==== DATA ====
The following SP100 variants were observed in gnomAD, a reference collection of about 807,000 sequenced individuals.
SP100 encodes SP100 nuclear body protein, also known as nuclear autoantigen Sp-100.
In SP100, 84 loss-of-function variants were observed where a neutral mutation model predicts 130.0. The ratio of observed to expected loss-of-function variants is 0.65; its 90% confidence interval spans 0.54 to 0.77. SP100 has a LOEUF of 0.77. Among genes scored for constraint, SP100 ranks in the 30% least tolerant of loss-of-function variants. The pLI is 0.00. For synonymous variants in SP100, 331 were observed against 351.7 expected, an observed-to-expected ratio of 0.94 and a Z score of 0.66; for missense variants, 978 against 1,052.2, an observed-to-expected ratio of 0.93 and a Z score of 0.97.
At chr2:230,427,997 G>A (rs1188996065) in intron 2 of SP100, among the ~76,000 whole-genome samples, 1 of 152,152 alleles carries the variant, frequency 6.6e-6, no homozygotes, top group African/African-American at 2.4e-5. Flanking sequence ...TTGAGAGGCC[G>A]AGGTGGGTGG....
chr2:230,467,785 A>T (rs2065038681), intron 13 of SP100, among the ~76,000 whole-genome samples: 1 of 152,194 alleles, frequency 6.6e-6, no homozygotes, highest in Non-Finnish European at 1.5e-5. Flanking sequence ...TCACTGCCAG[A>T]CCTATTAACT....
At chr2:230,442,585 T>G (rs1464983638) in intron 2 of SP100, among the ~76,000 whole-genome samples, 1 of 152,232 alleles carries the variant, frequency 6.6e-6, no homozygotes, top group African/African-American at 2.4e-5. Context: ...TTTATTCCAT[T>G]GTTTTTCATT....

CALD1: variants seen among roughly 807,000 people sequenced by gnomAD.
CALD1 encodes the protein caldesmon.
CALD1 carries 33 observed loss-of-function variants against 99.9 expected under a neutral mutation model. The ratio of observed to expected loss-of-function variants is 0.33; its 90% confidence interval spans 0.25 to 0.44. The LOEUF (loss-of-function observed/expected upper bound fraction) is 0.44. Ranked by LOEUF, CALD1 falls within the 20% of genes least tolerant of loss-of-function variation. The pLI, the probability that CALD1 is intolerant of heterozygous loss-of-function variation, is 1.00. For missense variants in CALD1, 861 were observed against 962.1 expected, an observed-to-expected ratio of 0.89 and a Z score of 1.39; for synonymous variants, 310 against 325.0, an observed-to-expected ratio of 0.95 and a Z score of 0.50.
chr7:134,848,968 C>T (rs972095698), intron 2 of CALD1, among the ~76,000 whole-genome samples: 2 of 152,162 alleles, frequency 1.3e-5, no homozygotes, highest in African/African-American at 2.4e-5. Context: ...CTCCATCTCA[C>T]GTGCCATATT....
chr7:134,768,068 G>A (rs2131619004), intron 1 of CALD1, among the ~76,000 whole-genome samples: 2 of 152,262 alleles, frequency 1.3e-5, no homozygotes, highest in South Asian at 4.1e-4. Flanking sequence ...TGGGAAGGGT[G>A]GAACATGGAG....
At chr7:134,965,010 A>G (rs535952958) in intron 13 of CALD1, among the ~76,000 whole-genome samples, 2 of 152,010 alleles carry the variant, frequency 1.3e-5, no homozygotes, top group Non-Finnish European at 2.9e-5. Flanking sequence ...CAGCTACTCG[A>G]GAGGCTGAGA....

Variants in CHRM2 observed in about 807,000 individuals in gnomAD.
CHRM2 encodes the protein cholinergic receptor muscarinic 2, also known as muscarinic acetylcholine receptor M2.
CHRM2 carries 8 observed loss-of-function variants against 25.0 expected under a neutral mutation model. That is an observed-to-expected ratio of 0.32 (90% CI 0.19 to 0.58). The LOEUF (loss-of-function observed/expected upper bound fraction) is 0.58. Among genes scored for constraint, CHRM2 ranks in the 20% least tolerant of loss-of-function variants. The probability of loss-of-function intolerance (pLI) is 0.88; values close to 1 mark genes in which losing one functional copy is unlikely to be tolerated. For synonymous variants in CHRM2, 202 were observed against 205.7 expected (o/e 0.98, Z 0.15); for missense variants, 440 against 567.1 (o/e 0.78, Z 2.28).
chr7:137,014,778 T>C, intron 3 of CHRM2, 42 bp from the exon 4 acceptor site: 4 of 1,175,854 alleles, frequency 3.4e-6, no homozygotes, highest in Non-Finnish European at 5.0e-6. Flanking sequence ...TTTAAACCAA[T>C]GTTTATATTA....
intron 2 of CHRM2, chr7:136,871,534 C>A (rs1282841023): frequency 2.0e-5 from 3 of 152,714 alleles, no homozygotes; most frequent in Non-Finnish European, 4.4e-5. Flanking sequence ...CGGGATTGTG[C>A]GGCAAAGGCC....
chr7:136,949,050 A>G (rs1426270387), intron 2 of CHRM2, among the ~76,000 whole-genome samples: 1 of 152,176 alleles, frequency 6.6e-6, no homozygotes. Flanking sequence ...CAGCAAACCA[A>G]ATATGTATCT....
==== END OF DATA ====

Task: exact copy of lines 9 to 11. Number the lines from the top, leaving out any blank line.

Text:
CALD1 carries 33 observed loss-of-function variants against 99.9 expected under a neutral mutation model. The ratio of observed to expected loss-of-function variants is 0.33; its 90% confidence interval spans 0.25 to 0.44. The LOEUF (loss-of-function observed/expected upper bound fraction) is 0.44. Ranked by LOEUF, CALD1 falls within the 20% of genes least tolerant of loss-of-function variation. The pLI, the probability that CALD1 is intolerant of heterozygous loss-of-function variation, is 1.00. For missense variants in CALD1, 861 were observed against 962.1 expected, an observed-to-expected ratio of 0.89 and a Z score of 1.39; for synonymous variants, 310 against 325.0, an observed-to-expected ratio of 0.95 and a Z score of 0.50.
chr7:134,848,968 C>T (rs972095698), intron 2 of CALD1, among the ~76,000 whole-genome samples: 2 of 152,162 alleles, frequency 1.3e-5, no homozygotes, highest in African/African-American at 2.4e-5. Context: ...CTCCATCTCA[C>T]GTGCCATATT....
chr7:134,768,068 G>A (rs2131619004), intron 1 of CALD1, among the ~76,000 whole-genome samples: 2 of 152,262 alleles, frequency 1.3e-5, no homozygotes, highest in South Asian at 4.1e-4. Flanking sequence ...TGGGAAGGGT[G>A]GAACATGGAG....